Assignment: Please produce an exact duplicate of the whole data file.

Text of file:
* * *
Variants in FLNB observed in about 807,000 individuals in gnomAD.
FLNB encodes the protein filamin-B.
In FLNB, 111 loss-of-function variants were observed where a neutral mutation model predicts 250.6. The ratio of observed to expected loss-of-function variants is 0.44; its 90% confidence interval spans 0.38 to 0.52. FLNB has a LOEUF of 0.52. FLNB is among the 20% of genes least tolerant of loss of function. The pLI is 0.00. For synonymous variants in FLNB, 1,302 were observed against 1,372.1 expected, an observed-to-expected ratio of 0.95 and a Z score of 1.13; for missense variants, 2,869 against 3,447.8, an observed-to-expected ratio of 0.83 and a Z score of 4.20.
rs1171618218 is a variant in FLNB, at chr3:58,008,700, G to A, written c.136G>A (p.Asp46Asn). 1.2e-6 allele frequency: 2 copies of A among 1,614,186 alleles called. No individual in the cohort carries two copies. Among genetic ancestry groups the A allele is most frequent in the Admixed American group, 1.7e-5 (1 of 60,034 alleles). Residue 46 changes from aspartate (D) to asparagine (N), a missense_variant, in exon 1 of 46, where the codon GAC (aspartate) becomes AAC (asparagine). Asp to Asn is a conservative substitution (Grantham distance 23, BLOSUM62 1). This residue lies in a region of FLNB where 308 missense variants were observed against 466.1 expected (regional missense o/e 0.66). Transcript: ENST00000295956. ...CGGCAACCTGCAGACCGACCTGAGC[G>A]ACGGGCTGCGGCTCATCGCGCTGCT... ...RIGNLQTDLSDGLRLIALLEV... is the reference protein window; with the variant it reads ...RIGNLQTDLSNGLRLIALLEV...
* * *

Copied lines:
Variants in FLNB observed in about 807,000 individuals in gnomAD.
FLNB encodes the protein filamin-B.
In FLNB, 111 loss-of-function variants were observed where a neutral mutation model predicts 250.6. The ratio of observed to expected loss-of-function variants is 0.44; its 90% confidence interval spans 0.38 to 0.52. FLNB has a LOEUF of 0.52. FLNB is among the 20% of genes least tolerant of loss of function. The pLI is 0.00. For synonymous variants in FLNB, 1,302 were observed against 1,372.1 expected, an observed-to-expected ratio of 0.95 and a Z score of 1.13; for missense variants, 2,869 against 3,447.8, an observed-to-expected ratio of 0.83 and a Z score of 4.20.
rs1171618218 is a variant in FLNB, at chr3:58,008,700, G to A, written c.136G>A (p.Asp46Asn). 1.2e-6 allele frequency: 2 copies of A among 1,614,186 alleles called. No individual in the cohort carries two copies. Among genetic ancestry groups the A allele is most frequent in the Admixed American group, 1.7e-5 (1 of 60,034 alleles). Residue 46 changes from aspartate (D) to asparagine (N), a missense_variant, in exon 1 of 46, where the codon GAC (aspartate) becomes AAC (asparagine). Asp to Asn is a conservative substitution (Grantham distance 23, BLOSUM62 1). This residue lies in a region of FLNB where 308 missense variants were observed against 466.1 expected (regional missense o/e 0.66). Transcript: ENST00000295956. ...CGGCAACCTGCAGACCGACCTGAGC[G>A]ACGGGCTGCGGCTCATCGCGCTGCT... ...RIGNLQTDLSDGLRLIALLEV... is the reference protein window; with the variant it reads ...RIGNLQTDLSNGLRLIALLEV...